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A question I've been toying with: can one photograph in such a way as to make that invisible visible? In such a way as to make the photography part of the photograph? To show the texture of the thing, and not erase it?

Abominable Ladies and Gentleman, thank me for coming!

Thin Kimono is a book of mistaken identities: a hallucinogenic wandering through a cocktail party the night before the invention of the internet. The party is populated with individuals you may or may not know. Your wife is a slightly altered version of herself.

Ben Pease interviews Colin Cheney on the Scattered Rhymes Podcasts.

The first poem I ever loved was The Raven. Specifically, one line from the poem haunted me when I was young, and still does: “The silken sad uncertain rustling of each purple curtain.”


If all art does is make us stroke our chins and say in somber tones, "very interesting," then art isn't worth it to me.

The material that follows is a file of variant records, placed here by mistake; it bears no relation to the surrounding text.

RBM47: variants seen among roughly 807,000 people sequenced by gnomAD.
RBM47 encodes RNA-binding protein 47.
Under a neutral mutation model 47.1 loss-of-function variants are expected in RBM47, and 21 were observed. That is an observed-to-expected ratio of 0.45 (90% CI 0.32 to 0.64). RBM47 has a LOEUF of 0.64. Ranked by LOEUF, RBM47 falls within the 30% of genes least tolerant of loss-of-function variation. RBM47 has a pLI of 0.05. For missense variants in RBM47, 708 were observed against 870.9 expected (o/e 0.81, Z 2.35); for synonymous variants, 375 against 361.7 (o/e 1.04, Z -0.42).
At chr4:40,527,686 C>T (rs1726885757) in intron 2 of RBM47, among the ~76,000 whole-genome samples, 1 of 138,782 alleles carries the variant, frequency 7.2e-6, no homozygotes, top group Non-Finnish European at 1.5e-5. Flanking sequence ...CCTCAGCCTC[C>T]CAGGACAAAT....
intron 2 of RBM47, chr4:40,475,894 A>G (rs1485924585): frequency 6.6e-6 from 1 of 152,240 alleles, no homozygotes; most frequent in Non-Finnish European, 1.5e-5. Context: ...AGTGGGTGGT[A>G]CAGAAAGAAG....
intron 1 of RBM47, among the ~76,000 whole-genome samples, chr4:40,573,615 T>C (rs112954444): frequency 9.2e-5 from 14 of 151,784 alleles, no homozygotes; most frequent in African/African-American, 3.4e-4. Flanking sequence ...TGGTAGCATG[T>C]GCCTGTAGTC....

We must always be as careful with nostalgia as we are with most forms of vulgarity: it is too close to the whore's heart, and can be used by politicians to promote a "purity," an Edenic return that supports the most vile sense of the volk.

Paradoxically, the Beats depicted themselves and the society they were rejecting in surreal imagery. America, in their estimation is a surrealist circus, full of absurdities.

[Recital: March 21st]

Ben Pease interviews Solmaz Sharif on the Scattered Rhymes Podcast.

[Once I Walked Out]

The poem "Just Hearsay" by Anne Carson, illustrated by Bianca Stone.

At a party last Thursday night after a full day at this year’s AWP conference, I broke one of my own absolute rules – never, under any circumstances resort to quoting The Big Lebowski.

News of the World certainly offers some typical-feeling moves to those familiar with Levine’s oeuvres, it also contains formal variations and preoccupations that will amuse and surprise both his admirers and those who don’t yet know his work.

Ben Pease interviews Deborah Landau on the Scattered Rhymes Podcast.